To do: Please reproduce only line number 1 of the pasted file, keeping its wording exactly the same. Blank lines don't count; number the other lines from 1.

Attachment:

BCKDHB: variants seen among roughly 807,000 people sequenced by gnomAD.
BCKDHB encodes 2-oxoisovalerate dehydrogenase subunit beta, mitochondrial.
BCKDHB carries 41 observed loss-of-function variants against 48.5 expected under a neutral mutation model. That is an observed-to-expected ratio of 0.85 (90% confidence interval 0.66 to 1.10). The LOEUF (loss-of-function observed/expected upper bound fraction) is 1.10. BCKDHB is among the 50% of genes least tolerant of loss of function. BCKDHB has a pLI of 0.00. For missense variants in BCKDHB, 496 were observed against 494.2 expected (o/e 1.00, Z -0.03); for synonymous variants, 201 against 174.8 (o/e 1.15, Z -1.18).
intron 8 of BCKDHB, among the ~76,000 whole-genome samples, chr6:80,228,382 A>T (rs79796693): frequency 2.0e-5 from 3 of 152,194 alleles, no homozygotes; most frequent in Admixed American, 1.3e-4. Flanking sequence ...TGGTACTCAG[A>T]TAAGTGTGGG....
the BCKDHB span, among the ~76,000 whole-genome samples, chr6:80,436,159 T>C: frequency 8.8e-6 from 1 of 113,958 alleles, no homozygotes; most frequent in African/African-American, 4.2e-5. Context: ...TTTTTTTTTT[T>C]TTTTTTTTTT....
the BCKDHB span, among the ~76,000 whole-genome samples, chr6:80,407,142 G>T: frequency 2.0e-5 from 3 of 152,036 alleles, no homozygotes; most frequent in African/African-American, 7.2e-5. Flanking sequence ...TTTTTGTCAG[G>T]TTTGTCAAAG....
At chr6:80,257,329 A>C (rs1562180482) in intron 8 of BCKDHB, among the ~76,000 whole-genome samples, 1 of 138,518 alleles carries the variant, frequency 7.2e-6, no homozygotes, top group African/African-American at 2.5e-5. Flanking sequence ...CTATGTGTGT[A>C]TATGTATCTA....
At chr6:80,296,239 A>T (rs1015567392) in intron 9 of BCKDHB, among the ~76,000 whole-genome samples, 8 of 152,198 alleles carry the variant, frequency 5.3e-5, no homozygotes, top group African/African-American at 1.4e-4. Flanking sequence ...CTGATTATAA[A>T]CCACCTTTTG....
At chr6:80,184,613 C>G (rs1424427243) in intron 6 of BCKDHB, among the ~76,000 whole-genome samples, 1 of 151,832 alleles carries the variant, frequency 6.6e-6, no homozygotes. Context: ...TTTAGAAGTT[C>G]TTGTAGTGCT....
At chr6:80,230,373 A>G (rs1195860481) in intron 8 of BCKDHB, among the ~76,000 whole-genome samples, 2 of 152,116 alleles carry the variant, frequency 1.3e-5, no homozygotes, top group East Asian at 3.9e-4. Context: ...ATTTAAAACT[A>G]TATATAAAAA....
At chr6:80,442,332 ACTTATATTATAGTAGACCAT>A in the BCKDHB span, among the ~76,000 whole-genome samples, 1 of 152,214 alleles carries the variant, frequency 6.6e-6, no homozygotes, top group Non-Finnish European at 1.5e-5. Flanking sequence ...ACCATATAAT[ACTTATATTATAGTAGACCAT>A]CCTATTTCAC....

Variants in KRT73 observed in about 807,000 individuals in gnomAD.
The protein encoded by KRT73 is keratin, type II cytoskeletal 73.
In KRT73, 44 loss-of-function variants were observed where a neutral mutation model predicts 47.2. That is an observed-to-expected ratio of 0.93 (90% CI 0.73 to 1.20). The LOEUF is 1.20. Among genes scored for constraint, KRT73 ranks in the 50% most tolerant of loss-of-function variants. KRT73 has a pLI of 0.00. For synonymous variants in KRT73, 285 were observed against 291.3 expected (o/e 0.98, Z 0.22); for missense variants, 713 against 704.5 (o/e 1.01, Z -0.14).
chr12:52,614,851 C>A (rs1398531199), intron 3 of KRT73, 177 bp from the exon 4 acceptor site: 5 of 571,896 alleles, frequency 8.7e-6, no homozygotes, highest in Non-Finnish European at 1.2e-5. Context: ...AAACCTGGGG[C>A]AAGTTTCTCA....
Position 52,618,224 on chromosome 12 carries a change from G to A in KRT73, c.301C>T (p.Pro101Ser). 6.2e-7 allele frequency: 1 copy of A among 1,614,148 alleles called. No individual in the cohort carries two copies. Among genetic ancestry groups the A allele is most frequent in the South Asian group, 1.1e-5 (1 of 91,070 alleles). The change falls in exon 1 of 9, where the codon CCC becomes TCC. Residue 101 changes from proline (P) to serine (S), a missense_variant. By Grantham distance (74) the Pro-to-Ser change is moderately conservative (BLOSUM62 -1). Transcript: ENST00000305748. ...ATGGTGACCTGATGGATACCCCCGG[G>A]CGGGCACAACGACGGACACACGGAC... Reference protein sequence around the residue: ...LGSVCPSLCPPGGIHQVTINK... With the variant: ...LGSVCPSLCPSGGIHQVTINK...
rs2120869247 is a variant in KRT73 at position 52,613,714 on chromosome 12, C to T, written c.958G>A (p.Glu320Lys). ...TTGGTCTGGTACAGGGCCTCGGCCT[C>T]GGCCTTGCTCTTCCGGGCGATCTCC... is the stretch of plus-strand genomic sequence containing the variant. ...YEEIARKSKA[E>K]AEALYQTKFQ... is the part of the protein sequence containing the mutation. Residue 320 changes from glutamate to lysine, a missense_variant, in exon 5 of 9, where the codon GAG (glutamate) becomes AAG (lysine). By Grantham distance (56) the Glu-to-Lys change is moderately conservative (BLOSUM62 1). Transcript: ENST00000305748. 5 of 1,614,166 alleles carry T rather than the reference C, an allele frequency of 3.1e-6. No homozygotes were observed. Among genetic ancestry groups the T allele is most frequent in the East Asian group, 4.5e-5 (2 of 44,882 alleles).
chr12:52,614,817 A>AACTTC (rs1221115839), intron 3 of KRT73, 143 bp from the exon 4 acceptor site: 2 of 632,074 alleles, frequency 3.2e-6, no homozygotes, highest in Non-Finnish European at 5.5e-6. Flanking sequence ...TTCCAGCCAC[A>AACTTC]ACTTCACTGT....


BCKDHB: variants seen among roughly 807,000 people sequenced by gnomAD.